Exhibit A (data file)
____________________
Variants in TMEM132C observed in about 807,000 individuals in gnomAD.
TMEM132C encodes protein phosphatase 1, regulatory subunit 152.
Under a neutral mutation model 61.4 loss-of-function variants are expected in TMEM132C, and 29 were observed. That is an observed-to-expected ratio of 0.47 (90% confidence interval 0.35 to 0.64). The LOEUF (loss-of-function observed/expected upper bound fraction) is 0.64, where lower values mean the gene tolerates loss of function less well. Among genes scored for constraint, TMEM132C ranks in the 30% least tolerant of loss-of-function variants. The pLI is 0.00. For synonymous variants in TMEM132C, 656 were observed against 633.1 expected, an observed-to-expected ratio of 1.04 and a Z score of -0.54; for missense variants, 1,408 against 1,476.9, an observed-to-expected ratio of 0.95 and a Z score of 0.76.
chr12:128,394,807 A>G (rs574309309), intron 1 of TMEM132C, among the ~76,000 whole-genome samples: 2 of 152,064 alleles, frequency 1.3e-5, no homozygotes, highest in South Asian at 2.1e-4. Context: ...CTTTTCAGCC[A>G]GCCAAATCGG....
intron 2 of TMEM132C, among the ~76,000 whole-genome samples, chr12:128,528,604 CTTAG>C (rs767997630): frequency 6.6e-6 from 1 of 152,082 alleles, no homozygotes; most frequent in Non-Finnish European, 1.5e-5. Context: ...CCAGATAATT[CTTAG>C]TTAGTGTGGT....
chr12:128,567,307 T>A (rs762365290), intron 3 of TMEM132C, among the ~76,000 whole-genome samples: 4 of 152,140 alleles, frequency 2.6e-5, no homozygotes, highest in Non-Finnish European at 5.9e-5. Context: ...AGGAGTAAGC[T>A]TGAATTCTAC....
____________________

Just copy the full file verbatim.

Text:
Variants in TMEM132C observed in about 807,000 individuals in gnomAD.
TMEM132C encodes protein phosphatase 1, regulatory subunit 152.
Under a neutral mutation model 61.4 loss-of-function variants are expected in TMEM132C, and 29 were observed. That is an observed-to-expected ratio of 0.47 (90% confidence interval 0.35 to 0.64). The LOEUF (loss-of-function observed/expected upper bound fraction) is 0.64, where lower values mean the gene tolerates loss of function less well. Among genes scored for constraint, TMEM132C ranks in the 30% least tolerant of loss-of-function variants. The pLI is 0.00. For synonymous variants in TMEM132C, 656 were observed against 633.1 expected, an observed-to-expected ratio of 1.04 and a Z score of -0.54; for missense variants, 1,408 against 1,476.9, an observed-to-expected ratio of 0.95 and a Z score of 0.76.
chr12:128,394,807 A>G (rs574309309), intron 1 of TMEM132C, among the ~76,000 whole-genome samples: 2 of 152,064 alleles, frequency 1.3e-5, no homozygotes, highest in South Asian at 2.1e-4. Context: ...CTTTTCAGCC[A>G]GCCAAATCGG....
intron 2 of TMEM132C, among the ~76,000 whole-genome samples, chr12:128,528,604 CTTAG>C (rs767997630): frequency 6.6e-6 from 1 of 152,082 alleles, no homozygotes; most frequent in Non-Finnish European, 1.5e-5. Context: ...CCAGATAATT[CTTAG>C]TTAGTGTGGT....
chr12:128,567,307 T>A (rs762365290), intron 3 of TMEM132C, among the ~76,000 whole-genome samples: 4 of 152,140 alleles, frequency 2.6e-5, no homozygotes, highest in Non-Finnish European at 5.9e-5. Context: ...AGGAGTAAGC[T>A]TGAATTCTAC....